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Why it's important to check facts
That's all journalists do: find, verify, enrich and then disseminate information.
It sounds easy, but we are dealing with volatile raw material. Handled carelessly, the facts we uncover, research and present have the power to cause misunderstandings, damage and could change the course of history.
Image courtesy of machineproject and released under Creative Commons
That's why it's essential that we apply robust fact-checking to all our journalism.
This is the process that distinguishes facts from rumour and gossip.
The following is a check list that all journalists might want to follow if they are to play an effective role in informing the public debate.
1: Are you preventing thorough fact-checking?
The first obstacle to accurate fact-checking could be you. Do you have a vested interest in the topic, as opposed to a genuine journalistic interest?
Did you investigate the situation because you have a desired outcome in mind? Are you trying to make the facts fit a headline you have already prepared in your head?
If so, you may have compromised your objectivity which will make it difficult to produce a piece of journalism that is strictly factual.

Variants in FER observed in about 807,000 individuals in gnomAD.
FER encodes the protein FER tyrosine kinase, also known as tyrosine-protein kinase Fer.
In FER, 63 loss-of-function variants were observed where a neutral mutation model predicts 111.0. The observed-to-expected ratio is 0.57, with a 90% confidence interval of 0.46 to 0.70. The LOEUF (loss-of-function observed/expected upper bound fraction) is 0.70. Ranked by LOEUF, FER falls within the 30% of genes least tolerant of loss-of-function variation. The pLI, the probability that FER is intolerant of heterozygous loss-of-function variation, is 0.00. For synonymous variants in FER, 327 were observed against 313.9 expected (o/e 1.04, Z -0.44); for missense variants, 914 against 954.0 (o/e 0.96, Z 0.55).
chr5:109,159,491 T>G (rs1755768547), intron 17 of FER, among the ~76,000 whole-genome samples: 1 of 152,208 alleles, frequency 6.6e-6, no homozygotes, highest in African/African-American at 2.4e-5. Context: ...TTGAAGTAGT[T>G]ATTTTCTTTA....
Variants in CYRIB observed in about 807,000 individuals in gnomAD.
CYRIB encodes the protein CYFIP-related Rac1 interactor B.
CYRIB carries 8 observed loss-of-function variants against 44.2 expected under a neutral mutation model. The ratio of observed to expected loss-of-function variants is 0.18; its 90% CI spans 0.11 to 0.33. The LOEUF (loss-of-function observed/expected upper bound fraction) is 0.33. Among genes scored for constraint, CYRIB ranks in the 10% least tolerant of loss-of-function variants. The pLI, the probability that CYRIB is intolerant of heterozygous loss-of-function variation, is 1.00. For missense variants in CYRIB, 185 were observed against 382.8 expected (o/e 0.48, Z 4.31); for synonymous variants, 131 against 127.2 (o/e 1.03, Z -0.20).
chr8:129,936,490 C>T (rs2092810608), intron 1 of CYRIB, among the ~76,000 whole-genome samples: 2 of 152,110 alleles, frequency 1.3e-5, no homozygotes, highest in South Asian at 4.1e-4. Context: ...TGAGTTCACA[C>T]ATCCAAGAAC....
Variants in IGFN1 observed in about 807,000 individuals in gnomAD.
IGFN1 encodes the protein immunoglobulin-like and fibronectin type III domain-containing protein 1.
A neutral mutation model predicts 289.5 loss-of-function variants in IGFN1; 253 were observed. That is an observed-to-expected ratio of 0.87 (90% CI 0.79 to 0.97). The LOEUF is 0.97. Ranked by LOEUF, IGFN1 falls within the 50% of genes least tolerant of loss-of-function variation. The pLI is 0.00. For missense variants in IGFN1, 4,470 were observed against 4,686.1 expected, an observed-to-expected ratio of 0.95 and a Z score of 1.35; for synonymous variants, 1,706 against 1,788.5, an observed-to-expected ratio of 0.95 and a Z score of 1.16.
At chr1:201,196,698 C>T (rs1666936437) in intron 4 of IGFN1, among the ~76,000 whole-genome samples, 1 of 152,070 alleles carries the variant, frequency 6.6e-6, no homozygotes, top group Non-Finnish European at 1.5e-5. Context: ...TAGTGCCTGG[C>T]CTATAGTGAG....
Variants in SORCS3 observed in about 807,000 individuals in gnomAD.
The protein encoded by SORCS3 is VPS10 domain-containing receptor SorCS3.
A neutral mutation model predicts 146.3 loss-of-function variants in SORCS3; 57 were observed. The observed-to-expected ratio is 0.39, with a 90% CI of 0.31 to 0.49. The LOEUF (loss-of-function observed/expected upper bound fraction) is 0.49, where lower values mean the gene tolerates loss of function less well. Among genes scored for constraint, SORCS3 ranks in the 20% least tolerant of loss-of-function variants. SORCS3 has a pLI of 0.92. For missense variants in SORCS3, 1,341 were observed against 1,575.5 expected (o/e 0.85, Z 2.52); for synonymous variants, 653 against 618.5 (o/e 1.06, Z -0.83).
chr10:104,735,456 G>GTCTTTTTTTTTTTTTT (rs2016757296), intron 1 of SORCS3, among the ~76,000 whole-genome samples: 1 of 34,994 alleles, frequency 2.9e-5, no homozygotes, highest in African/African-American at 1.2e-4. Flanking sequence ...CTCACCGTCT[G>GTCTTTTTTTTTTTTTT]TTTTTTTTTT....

Of course there will always be causes dear to your heart, but you must not let this influence your work.
2: The two reliable sources rule
Most media organisations have a rule that all facts should be confirmed by two reliable sources.
Often the wires will be counted as one source.
The journalist then has to find another source that is willing to go on record to verify the information.
Ideally, you should be able to attribute the information found to that named source.
Sometimes, because of legal reasons, privacy issues or the likelihood of danger, it is not advisable to name sources.
In such cases you need to be sure that your source is trustworthy.
You will need to be able to convince your editor that the source is legitimate and the information the source is sharing is correct.
3: Don't rely on the news wires, they could be wrong
Some media organisations simply copy and paste wires stories.